The American College of Chest Physicians Annual Meeting (CHEST 2015), held Oct. 24–28 in Montreal, Canada, included a breakfast symposium where a panel of experts shared practical tips to help clinicians assess, diagnose, and manage idiopathic pulmonary fibrosis (IPF) and co-morbidities linked to the disease.
Dr. Timothy Whelan, associate professor and director of lung transplantation at the Medical University of South Carolina, offered several tips concerning IPF screening and diagnostics. “What makes IPF diagnosis challenging is the fact that there are more than 200 recognized types of diffused parenchymal lung diseases and, although IPF is the most common, we all know that there’s lots of things that can look like it,” he said, according to a CHEST 2015 news release.
Dr. Whelan believes that factors like paying close attention to the symptoms and their duration, as well as spending extra time reviewing a patient’s medical history, can lead to an accurate diagnosis of the disease. “This is not a diagnosis that you’re typically hearing about in the first three months of the patient’s symptoms,” he explained.
In fact, it has been reported that more than a third of the IPF patients visited at least three different physicians prior to receiving a proper diagnosis, and according to several studies, the majority of the patients are diagnosed after seeking medical advice for more than one year.
“This is a challenging diagnosis and we know now that delay in referral and delay in treatment does impact outcomes,” said Dr. Whelan. “So when a patient comes in, what I’m listening for is months of symptoms, and when I look at their physical exam that I’ve got inspiratory bibasilar crackles. If crackles are missing, that’s kind of a warning sign that maybe this is something a little different.”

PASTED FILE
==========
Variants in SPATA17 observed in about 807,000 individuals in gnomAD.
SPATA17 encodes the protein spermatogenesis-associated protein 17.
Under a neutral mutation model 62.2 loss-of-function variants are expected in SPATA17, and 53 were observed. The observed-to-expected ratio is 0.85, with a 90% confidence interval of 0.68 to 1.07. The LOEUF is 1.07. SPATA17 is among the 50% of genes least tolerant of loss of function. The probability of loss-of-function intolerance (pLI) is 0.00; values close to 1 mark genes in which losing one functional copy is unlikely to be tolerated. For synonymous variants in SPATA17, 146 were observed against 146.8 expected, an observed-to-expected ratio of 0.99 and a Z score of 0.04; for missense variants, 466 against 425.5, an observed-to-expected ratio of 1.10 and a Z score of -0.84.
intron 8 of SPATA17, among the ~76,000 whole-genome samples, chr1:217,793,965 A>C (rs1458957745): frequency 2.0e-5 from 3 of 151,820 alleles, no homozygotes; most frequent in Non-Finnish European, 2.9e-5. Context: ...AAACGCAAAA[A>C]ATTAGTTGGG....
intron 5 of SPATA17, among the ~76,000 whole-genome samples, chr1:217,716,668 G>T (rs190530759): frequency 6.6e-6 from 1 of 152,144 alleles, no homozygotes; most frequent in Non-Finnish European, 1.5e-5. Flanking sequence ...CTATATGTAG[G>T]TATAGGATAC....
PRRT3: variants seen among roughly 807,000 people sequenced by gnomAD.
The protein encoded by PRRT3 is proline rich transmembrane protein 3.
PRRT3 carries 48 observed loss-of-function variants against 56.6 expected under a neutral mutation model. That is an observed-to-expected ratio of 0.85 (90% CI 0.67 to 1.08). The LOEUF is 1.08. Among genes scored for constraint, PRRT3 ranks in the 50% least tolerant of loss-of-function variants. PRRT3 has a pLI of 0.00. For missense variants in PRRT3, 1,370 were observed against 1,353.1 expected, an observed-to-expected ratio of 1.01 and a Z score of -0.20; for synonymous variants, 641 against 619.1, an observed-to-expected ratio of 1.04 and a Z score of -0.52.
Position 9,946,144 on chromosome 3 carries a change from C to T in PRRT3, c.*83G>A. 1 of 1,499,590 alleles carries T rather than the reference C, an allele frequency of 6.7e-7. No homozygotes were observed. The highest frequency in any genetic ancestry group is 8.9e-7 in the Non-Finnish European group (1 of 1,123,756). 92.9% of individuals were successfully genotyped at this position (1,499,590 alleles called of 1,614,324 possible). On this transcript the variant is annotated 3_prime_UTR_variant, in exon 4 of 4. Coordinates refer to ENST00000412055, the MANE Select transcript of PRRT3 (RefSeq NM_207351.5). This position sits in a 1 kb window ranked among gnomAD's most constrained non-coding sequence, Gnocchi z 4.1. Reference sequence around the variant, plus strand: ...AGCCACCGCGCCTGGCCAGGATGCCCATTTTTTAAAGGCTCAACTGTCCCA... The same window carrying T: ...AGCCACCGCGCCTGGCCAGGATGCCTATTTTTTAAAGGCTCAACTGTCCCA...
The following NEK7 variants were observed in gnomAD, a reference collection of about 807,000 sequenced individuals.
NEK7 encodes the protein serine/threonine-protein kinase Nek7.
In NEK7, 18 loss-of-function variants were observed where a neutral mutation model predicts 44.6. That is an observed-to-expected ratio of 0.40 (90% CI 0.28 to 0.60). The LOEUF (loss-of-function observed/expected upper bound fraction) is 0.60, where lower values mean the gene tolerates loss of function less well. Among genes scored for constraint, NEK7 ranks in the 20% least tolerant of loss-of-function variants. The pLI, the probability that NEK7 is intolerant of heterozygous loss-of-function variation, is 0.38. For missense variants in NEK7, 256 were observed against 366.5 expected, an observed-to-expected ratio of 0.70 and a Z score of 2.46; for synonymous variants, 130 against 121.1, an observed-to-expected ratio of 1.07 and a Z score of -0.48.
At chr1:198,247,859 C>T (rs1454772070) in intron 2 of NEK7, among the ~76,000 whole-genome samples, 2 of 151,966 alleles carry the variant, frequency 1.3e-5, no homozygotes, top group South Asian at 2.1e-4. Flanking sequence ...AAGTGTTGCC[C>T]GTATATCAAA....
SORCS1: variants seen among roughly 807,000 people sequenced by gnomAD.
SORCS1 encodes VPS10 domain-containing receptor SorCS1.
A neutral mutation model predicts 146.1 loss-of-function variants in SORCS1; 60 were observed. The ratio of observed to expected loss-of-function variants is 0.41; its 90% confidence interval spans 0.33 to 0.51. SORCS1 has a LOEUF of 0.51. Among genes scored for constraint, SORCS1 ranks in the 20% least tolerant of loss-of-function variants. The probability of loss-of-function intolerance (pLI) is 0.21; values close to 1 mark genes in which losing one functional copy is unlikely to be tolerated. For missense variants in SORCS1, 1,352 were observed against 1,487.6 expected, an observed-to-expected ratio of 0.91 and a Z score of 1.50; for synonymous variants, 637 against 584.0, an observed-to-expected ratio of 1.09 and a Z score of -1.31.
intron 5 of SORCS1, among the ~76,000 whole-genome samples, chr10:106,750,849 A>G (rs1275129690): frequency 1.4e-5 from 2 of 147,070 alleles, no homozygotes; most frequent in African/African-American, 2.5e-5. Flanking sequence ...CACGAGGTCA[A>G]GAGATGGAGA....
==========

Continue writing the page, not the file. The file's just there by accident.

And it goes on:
Associate professor of medicine and director of the Interstitial Lung Disease Program at the University of Alabama, Birmingham, Dr. Joao DeAndrade, was also a speaker in the symposium and provided an update on non-pharmacological IPF therapies and discussed potential complications and co-morbidities.
“As we all know, most of these patients have other problems,” noted Dr. DeAndrade. “As you handle these patients and discuss treatment options, you will, in effect, become their primary care physician. So it’s really impossible to ignore the other problems that they have.”
According to Dr. DeAndrade, the most common co-morbidities in IPF patients are pulmonary arterial hypertension (PAH), gastro-esophageal reflux (GER), and sleep-disordered breathing, all conditions that need to be addressed as well.
“When it comes to co-morbidities in IPF, surprisingly, not a lot have been studied. It really depends on what you’re looking at,” said Dr. DeAndrade. “GER, for example, is very consistently shown across the literature as being prevalent in virtually all patients with IPF. And it’s been reported that sleep-related disordered breathing can be prevalent in up to 88 percent of patients with IPF. The observational and prospective studies that we do have suggest that these co-morbidities are associated with reduced survival, so that’s why it’s very important to think about them and consider addressing them in a timely fashion.”
“We know that the quality of life for IPF patients, as measured in almost any way, is poor,” said Dr. Kevin K. Brown, professor of medicine at the University of Colorado and director of the Clinical Interstitial Lung Disease Program at the National Jewish Medical and Research Center. “Studies going back more than 15 years tell us that basically every domain of quality of life is impaired in patients with IPF. Virtually the entire spectrum of their life is adversely impacted by their disease.” Dr. Brown concluded that it is essential to continue searching for new IPF therapies.
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